Basically sorting algorithms can be divided into two main groups. Such based on comparisons and such that are not. I already posted about some of the algorithms of the first group. Insertion sort, bubble sort and Shell sort are based on the comparison model. The problem with these three algorithms is that their complexity is O(n2) so they are very slow.
So is it possible to sort a list of items by comparing their items faster than O(n2)? The answer is yes and here’s how we can do it.
The nature of those three algorithms mentioned above is that we almost compared each two items from initial list.
This, of course, is not the best approach and we don’t need to do that. Instead we can try to divide the list into smaller lists and then sort them. After sorting the smaller lists, which is supposed to be easier than sorting the entire initial list, we can try to merge the result into one sorted list. This technique is typically known as “divide and conquer”.
Normally if a problem is too difficult to solve, we can try to break it apart into smaller sub-sets of this problem and try to solve them. Then somehow we can merge the results of the solved problems.
Sorted data can dramatically change the speed of our program, therefore sorting algorithms are something quite special in computer science. For instance searching in a sorted list is faster than searching in an unordered list.
There are two main approaches in sorting – by comparing the elements and without comparing them. A typical algorithm from the first group is insertion sort. This algorithm is very simple and very intuitive to implement, but unfortunately it is not so effective compared to other sorting algorithms as quicksort and merge sort. Indeed insertion sort is useful for small sets of data with no more than about 20 items.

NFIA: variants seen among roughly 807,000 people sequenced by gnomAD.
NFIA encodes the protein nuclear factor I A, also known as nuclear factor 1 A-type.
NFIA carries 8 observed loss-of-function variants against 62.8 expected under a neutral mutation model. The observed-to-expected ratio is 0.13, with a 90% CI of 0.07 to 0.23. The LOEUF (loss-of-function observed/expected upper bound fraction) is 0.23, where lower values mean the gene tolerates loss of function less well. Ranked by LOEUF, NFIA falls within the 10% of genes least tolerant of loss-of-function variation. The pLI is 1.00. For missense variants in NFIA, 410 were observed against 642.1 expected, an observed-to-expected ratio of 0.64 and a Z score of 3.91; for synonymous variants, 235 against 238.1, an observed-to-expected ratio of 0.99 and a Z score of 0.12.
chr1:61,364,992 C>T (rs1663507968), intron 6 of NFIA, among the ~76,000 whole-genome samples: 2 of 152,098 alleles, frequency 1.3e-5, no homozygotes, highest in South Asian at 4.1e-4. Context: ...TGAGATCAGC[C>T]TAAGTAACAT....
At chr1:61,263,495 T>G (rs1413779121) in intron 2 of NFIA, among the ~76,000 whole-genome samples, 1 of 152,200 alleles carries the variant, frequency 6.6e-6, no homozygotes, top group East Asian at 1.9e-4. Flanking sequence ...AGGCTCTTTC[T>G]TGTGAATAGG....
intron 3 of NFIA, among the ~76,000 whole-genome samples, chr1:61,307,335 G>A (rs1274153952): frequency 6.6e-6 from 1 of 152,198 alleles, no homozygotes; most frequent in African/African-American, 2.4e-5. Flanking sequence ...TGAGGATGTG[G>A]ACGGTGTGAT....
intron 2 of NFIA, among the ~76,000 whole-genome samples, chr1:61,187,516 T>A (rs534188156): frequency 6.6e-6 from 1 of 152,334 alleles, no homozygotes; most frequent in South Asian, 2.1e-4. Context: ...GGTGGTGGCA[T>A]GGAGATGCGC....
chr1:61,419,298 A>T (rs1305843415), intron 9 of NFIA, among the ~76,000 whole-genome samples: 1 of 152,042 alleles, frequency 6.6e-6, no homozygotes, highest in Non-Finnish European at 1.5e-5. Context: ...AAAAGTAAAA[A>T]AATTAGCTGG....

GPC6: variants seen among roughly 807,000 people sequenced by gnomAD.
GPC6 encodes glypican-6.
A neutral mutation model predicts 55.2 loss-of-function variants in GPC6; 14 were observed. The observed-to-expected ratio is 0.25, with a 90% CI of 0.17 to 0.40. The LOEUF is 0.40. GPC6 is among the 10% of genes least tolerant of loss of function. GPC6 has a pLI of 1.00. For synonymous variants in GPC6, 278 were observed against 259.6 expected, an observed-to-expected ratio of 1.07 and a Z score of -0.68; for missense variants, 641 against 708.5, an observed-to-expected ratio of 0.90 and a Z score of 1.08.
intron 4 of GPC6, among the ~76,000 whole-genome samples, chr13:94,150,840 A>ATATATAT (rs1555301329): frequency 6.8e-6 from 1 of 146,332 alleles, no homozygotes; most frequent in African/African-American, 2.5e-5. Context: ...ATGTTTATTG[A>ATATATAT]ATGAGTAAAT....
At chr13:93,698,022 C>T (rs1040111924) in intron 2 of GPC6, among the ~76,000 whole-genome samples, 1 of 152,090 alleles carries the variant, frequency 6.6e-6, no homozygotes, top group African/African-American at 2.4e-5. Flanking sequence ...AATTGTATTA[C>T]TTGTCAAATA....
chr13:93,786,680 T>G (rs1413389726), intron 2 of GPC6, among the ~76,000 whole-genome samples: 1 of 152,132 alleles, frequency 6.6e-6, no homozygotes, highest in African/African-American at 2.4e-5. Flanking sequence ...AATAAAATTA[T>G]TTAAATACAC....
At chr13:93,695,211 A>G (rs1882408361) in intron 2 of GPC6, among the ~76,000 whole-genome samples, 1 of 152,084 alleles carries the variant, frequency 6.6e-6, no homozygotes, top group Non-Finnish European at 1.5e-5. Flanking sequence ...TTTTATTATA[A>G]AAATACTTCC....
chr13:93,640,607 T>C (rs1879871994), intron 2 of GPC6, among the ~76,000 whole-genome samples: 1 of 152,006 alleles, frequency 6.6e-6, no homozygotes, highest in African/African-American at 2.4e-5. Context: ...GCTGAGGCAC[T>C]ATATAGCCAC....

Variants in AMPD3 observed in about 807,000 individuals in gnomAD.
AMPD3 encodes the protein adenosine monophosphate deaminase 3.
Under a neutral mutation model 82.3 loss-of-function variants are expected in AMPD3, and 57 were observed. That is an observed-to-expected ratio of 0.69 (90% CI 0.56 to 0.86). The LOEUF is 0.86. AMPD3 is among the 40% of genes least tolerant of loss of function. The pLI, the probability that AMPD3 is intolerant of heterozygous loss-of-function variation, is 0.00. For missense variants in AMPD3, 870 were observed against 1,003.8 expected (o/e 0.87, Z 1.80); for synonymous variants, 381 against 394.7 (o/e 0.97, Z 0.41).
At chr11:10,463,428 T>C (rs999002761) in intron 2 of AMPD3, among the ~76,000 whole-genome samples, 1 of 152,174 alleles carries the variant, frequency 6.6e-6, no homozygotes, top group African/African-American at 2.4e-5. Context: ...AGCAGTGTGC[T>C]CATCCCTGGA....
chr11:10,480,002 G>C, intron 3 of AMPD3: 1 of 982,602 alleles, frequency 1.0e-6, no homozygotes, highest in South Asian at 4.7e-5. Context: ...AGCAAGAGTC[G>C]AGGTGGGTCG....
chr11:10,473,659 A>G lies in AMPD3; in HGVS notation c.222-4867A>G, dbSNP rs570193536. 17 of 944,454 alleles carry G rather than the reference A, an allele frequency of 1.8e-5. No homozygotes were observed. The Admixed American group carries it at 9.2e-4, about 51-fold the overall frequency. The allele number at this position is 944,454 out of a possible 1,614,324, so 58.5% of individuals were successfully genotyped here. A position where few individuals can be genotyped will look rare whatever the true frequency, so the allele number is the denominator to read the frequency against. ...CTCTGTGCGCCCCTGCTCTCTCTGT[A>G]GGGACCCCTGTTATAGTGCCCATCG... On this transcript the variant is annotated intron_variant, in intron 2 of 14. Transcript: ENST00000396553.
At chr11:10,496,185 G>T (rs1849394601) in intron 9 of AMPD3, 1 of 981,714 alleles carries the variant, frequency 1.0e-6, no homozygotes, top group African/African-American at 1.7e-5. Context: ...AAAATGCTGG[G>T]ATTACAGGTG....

Insertion sort it is very intuitive method of sorting items and we often use it when we play card games. In this case the player often gets an unordered set of playing cards and intuitively starts to sort it. First by taking a card, making some comparisons and then putting the card on the right position.
So let’s say we have an array of data. In the first step the array is unordered, but we can say that it consists of two sub-sets: sorted and unordered, where on the first step the only item in the sorted sub-set is its first item. If the length of the array is n the algorithm is considered completed in n-1 steps. On each step our sorted subset is growing with one item. The thing is that we take the first item from the unordered sub-set and with some comparisons we put it into its place in the sorted sub-set, like on the diagram bellow.